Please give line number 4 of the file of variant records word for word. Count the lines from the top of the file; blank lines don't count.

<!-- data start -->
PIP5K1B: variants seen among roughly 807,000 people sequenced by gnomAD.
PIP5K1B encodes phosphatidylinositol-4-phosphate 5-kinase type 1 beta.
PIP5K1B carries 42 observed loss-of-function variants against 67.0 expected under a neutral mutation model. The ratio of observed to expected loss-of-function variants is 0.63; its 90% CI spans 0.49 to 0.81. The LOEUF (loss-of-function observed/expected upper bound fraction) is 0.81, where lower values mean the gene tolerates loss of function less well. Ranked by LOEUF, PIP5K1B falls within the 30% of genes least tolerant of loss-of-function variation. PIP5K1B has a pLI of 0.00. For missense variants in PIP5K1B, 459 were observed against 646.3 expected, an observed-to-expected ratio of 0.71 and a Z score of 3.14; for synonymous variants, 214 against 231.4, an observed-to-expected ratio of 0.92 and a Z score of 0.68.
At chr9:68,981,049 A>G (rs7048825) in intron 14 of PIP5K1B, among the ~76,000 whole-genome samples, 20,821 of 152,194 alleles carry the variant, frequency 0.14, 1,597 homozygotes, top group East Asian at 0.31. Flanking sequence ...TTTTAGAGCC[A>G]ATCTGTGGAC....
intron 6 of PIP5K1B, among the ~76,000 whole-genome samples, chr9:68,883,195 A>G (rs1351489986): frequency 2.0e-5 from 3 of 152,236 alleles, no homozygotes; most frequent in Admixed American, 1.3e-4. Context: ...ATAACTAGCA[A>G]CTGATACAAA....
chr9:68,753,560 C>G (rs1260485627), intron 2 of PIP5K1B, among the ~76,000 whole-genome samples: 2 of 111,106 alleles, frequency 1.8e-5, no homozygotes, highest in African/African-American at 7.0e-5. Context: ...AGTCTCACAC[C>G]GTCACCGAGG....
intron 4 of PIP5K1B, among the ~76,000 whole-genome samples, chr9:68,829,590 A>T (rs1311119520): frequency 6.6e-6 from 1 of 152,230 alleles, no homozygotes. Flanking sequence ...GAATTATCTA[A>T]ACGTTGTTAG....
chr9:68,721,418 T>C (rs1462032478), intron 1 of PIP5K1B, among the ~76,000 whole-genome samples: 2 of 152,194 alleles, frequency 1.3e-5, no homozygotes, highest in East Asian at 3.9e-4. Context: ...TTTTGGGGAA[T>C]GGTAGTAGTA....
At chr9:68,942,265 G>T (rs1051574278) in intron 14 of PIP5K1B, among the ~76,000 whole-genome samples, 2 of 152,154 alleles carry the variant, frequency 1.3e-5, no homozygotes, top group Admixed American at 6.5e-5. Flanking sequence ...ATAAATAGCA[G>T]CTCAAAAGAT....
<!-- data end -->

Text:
At chr9:68,981,049 A>G (rs7048825) in intron 14 of PIP5K1B, among the ~76,000 whole-genome samples, 20,821 of 152,194 alleles carry the variant, frequency 0.14, 1,597 homozygotes, top group East Asian at 0.31. Flanking sequence ...TTTTAGAGCC[A>G]ATCTGTGGAC....